By Richard Cowan and David Morgan
WASHINGTON (Reuters) - The U.S. Congress is headed for a seven-week recess without addressing gun violence, the Zika virus outbreak and other pressing issues, amid persistent election-year bickering.
Despite recent gun violence, the House of Representatives will not vote this week on a proposal to keep firearms out of the hands of people on terrorism watch lists, that chamber's Republican leader Kevin McCarthy told reporters on Tuesday.
Similarly, President Barack Obama's request for $1.9 billion in funds to combat the Zika virus and the birth defects it can cause has been stalled in Congress since February.
Republicans and Democrats were also at odds over spending bills that would keep the government functioning beyond Sept. 30, when current fiscal year funding expires.
When Republicans took over control of Congress, they vowed to get things done, but have had difficulty doing so during this election year, failing to pass a budget or even consider Obama's nomination of Merrick Garland to fill a Supreme Court vacancy.
It did, however, approve bipartisan legislation helping Puerto Rico climb out of a crippling debt crisis and is trying to make progress on legislation aimed at improving police relations with local communities in the aftermath of gun violence.
With only four days left before the start of an unusually long recess, a failure to vote on guns this week would postpone any possible action by the House on the issue until Sept. 6 at the earliest. That is when lawmakers will return from break.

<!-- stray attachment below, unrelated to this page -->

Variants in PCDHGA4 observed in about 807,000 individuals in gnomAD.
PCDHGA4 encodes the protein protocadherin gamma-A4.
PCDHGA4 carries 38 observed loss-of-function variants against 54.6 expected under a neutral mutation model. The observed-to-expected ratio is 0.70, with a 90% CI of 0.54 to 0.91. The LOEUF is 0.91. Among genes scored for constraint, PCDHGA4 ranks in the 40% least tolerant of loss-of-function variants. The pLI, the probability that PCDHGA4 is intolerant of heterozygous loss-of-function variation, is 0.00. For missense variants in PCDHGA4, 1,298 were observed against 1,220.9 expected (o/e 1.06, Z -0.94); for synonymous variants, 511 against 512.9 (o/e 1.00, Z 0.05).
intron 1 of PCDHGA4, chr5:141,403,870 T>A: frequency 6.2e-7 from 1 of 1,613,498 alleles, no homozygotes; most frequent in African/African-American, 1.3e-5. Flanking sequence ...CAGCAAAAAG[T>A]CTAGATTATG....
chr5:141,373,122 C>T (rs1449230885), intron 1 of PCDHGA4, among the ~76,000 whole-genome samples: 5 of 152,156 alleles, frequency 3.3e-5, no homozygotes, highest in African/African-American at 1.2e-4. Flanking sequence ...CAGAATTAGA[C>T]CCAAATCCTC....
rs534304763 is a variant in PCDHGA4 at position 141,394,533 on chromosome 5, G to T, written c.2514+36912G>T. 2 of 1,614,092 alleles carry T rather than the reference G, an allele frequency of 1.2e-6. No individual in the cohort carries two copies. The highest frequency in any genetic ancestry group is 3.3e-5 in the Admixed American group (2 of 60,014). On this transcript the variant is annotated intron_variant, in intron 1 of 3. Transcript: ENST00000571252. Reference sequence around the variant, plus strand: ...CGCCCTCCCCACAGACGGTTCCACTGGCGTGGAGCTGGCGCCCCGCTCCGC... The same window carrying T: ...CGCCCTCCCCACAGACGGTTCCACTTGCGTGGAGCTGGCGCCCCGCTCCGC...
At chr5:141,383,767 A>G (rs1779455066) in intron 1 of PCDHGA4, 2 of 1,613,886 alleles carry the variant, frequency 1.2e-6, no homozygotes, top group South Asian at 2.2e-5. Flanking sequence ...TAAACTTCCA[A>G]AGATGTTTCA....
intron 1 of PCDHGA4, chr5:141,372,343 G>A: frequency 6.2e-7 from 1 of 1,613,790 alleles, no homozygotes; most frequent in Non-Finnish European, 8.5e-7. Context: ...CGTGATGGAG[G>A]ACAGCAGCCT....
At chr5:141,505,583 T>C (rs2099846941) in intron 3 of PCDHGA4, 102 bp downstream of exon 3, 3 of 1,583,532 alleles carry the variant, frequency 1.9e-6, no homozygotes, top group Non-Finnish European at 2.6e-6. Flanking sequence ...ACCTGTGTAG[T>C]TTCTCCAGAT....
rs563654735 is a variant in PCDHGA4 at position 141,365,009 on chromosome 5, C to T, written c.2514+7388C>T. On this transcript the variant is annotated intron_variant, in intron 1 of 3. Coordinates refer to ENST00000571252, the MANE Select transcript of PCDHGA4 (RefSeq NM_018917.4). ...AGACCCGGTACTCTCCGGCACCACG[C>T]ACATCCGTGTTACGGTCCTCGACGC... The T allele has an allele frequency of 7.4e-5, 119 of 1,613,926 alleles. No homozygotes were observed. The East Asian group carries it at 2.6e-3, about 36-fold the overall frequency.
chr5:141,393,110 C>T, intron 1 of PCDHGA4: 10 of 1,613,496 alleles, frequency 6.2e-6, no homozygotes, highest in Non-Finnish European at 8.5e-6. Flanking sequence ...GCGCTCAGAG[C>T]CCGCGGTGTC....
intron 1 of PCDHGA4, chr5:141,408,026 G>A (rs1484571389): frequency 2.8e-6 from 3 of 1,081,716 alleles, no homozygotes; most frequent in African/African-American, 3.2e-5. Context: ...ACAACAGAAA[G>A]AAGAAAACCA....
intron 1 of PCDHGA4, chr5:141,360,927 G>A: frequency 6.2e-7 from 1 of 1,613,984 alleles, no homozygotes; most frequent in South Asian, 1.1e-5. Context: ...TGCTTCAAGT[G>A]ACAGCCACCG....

After that, lawmakers will be working only for short stints ahead of the Nov. 8 presidential and congressional elections.
A June 12 mass shooting in Orlando and gun violence in Dallas and other cities has again propelled gun control to prominence, but the National Rifle Association and its allies in Congress so far have staved off even bipartisan legislation.
Gun control is generally opposed by Republicans and supported by Democrats. Some Republicans have talked about a gun bill possibly moving through Congress in the fall, in the midst of the campaign season, but Democrats were skeptical.
"This Congress will do nothing on curbing gun violence," Representative Xavier Becerra of California, a member of the House Democratic leadership, told reporters.
There is even disagreement about whether House Speaker Paul Ryan and House Democratic leader Nancy Pelosi talked about a Democratic proposal to establish a special committee on gun violence. Democrats say Pelosi raised the issue with Ryan after the Dallas shootings. Ryan's office says he has never discussed the topic with anyone.
Republicans in the House and Senate have signed off on a $1.1 billion Zika funding bill, but Democrats are balking over what they see as "poison pills" attached to the money that would deny funds to women's healthcare provider Planned Parenthood and ease some environmental provisions.
House Speaker Paul Ryan meanwhile showcased his "A Better Way" agenda, flashing a glossy pamphlet at a press conference listing a set of proposals designed to lure votes in November's elections but do nothing this year legislatively.
Republicans have also pushed for new federal probes of Hillary Clinton, the presumptive Democratic presidential nominee, on her use of private emails while secretary of state.
(Reporting by Richard Cowan, David Morgan and Kouichi Shirayanagi; Writing by Mohammad Zargham; Editing by Kevin Drawbaugh and James Dalgleish)